Culture of Israel

Israel's culture is inextricably linked to the Jewish culture. The State of Israel was founded on May 14, 1948, strongly influenced by these much older cultural traditions because of its Jewish majority. The following article deals despite the close connection with cultural aspects of the modern state of Israel.

  • 5.1 lyricist
  • 5.2 Scene
  • 5.3 filmmakers
  • 5.4 dramas authors
  • 5.5 Actors
  • 5.6 comedian, satirist

General Overview

The present population of Israel dates back more than 100 countries on 5 continents. This Israeli society is rich in cultural diversity and artistic creativity. In country artists will find good conditions and are also supported by the government.

A major role of the music. The Philharmonic Orchestra of Israel occurs throughout the country and also travels often for concert tours abroad. The Jerusalem Symphony Orchestra, the Orchestra of the Israel Broadcasting and other ensembles also go on concert tours. Almost every community has a chamber orchestra or ensemble. Many musicians came only in recent years from countries of the former Soviet Union.

Of great importance is the folk dance, which is benefiting from the cultural heritage of many immigrant groups. Israel has several professional ballet and modern dance companies. For the theater there is great interest; the repertoire includes the full range of classical and contemporary drama in translations, also pieces of local authors. Ha - Bima, one of the three major theater companies, was founded in Moscow in 1917 and located since 1931 in Tel Aviv.

In Israel, many artists are established; Active artist colonies exist in Safed, Jaffa and En Hod. Israeli painters and sculptors exhibit their works from around the world and sell them on the international market.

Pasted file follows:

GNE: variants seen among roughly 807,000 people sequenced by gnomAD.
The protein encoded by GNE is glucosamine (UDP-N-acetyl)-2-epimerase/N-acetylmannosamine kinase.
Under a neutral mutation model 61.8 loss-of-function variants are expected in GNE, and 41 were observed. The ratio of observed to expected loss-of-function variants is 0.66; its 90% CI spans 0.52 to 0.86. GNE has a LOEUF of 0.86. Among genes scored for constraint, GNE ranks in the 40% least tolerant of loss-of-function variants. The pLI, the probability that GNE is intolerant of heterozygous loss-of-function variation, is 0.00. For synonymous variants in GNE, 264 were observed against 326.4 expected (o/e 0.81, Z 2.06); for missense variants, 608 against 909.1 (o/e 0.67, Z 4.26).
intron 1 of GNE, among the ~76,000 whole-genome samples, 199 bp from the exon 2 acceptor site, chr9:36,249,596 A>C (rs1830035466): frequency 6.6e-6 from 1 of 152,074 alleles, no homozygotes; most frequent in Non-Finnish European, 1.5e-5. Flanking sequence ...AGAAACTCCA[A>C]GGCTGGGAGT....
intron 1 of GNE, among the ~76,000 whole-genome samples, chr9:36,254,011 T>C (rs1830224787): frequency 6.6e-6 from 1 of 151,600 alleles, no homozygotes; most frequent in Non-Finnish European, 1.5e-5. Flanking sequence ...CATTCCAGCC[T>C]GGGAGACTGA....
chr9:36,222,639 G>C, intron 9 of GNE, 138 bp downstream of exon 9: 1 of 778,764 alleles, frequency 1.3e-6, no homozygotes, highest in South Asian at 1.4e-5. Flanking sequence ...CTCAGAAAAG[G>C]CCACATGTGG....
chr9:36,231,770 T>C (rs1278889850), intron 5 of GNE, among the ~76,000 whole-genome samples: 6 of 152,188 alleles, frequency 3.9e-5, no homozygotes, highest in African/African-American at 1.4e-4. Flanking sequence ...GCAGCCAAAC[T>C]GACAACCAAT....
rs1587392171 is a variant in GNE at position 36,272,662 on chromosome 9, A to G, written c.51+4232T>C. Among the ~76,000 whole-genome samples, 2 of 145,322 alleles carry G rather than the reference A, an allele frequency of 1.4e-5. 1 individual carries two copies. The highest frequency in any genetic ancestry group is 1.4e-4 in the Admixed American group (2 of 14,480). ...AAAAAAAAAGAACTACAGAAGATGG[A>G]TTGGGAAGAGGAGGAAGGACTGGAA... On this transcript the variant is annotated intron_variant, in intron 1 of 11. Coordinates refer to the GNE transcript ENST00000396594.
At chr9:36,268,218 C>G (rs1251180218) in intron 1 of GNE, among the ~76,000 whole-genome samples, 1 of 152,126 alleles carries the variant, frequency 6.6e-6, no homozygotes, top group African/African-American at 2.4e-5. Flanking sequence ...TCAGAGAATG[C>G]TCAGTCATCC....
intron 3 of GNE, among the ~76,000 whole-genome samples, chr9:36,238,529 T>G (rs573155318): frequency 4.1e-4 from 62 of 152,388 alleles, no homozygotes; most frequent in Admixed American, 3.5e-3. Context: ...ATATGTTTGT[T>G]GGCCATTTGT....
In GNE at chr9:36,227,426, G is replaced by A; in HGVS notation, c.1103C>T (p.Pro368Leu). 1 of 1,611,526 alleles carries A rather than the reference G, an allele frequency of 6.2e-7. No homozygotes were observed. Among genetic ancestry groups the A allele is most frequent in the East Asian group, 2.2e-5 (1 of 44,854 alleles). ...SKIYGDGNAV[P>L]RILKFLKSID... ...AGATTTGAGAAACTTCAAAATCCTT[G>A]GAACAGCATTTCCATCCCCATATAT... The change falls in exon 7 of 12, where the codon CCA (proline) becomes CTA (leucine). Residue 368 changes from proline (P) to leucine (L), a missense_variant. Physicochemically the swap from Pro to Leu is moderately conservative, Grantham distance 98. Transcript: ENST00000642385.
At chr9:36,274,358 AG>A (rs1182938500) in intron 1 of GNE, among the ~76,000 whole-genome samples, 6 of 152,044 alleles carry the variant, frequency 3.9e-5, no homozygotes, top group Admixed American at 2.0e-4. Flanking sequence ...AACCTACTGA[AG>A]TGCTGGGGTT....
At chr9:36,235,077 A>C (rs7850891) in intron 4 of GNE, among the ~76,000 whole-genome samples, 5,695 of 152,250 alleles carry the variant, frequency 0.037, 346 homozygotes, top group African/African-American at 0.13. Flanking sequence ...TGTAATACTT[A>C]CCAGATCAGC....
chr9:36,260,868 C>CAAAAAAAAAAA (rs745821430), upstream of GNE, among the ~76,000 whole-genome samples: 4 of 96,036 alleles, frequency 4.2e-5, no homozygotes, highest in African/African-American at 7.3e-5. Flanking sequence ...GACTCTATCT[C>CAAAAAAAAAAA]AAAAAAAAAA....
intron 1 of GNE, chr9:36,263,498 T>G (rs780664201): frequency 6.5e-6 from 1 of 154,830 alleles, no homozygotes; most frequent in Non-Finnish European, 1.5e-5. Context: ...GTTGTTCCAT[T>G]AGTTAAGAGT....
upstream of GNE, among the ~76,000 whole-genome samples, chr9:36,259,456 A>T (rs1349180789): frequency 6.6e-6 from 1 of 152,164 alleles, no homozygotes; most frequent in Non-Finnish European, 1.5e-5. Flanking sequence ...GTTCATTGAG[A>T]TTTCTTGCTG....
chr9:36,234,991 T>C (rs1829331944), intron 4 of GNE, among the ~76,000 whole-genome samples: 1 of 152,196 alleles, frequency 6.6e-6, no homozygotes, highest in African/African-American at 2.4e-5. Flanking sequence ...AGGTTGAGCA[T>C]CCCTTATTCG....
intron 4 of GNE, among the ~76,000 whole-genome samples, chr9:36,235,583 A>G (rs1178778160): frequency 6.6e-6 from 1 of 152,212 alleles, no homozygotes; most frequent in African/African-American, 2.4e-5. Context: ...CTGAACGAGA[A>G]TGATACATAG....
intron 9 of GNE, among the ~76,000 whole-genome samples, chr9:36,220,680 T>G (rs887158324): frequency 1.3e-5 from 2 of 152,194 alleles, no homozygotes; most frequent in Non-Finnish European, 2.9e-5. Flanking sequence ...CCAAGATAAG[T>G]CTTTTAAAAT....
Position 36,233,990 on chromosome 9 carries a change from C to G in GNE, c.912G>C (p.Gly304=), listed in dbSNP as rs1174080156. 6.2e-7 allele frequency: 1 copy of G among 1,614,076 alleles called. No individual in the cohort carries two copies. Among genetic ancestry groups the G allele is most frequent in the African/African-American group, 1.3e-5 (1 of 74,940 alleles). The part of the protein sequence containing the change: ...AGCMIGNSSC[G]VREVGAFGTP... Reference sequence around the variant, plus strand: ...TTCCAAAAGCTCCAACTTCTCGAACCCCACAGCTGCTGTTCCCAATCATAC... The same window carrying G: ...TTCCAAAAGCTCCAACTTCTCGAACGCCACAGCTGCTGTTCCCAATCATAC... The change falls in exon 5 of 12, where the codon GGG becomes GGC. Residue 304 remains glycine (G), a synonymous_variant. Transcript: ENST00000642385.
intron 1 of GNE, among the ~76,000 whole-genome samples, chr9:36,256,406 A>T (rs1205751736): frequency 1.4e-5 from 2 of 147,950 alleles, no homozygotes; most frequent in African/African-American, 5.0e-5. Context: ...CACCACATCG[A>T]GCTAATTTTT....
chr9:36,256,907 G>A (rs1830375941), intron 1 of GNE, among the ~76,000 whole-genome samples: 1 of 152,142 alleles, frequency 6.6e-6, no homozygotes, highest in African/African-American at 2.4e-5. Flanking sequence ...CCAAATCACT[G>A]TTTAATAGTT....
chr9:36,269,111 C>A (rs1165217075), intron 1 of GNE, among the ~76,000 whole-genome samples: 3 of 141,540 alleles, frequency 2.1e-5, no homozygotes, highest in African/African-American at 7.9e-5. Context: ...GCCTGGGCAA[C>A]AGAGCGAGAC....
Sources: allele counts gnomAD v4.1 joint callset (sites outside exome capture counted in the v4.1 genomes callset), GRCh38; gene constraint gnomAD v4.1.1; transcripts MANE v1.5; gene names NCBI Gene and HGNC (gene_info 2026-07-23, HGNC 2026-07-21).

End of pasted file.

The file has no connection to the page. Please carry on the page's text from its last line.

Remarkably diverse is Israel's museum landscape. Haifa, Tel Aviv and Jerusalem have known art museums, in many towns and kibbutzim, there is a large number of smaller museums that are dedicated to a wide range of topics, such as the house of the Ghetto Fighters' Kibbutz in Lochamej haGeta'ot. Among the most famous museums include the Israel Museum in Jerusalem, which houses the scrolls from Qumran on the Dead Sea, as well as an extensive collection of Jewish religious and folk art, the Holocaust Museum, Yad Vashem in Jerusalem and the Diaspora Museum on the campus of Tel Aviv University.

Very diverse is Israel's newspaper market. Israelis are as interested newspaper readers; a total average circulation is achieved by 600,000. The most important daily newspapers are published in Hebrew, but also newspapers in many other languages, including Arabic, English, Polish, French, Yiddish, Russian, Hungarian and German are available.